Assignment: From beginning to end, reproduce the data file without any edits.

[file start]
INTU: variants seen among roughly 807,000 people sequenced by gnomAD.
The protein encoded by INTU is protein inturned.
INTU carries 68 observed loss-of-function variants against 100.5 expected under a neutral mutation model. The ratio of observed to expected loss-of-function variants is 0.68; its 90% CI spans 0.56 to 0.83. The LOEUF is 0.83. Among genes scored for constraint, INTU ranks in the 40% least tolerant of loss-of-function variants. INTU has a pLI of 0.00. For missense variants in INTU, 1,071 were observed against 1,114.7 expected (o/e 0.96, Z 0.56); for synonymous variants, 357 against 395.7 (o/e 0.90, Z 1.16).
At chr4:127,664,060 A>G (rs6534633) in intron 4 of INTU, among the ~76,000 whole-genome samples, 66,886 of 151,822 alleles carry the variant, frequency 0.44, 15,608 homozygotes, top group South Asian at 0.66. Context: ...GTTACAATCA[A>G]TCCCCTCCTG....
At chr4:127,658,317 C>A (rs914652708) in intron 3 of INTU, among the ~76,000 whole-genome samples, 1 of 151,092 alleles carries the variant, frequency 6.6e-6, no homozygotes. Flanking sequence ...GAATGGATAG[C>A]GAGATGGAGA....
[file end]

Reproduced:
INTU: variants seen among roughly 807,000 people sequenced by gnomAD.
The protein encoded by INTU is protein inturned.
INTU carries 68 observed loss-of-function variants against 100.5 expected under a neutral mutation model. The ratio of observed to expected loss-of-function variants is 0.68; its 90% CI spans 0.56 to 0.83. The LOEUF is 0.83. Among genes scored for constraint, INTU ranks in the 40% least tolerant of loss-of-function variants. INTU has a pLI of 0.00. For missense variants in INTU, 1,071 were observed against 1,114.7 expected (o/e 0.96, Z 0.56); for synonymous variants, 357 against 395.7 (o/e 0.90, Z 1.16).
At chr4:127,664,060 A>G (rs6534633) in intron 4 of INTU, among the ~76,000 whole-genome samples, 66,886 of 151,822 alleles carry the variant, frequency 0.44, 15,608 homozygotes, top group South Asian at 0.66. Context: ...GTTACAATCA[A>G]TCCCCTCCTG....
At chr4:127,658,317 C>A (rs914652708) in intron 3 of INTU, among the ~76,000 whole-genome samples, 1 of 151,092 alleles carries the variant, frequency 6.6e-6, no homozygotes. Flanking sequence ...GAATGGATAG[C>A]GAGATGGAGA....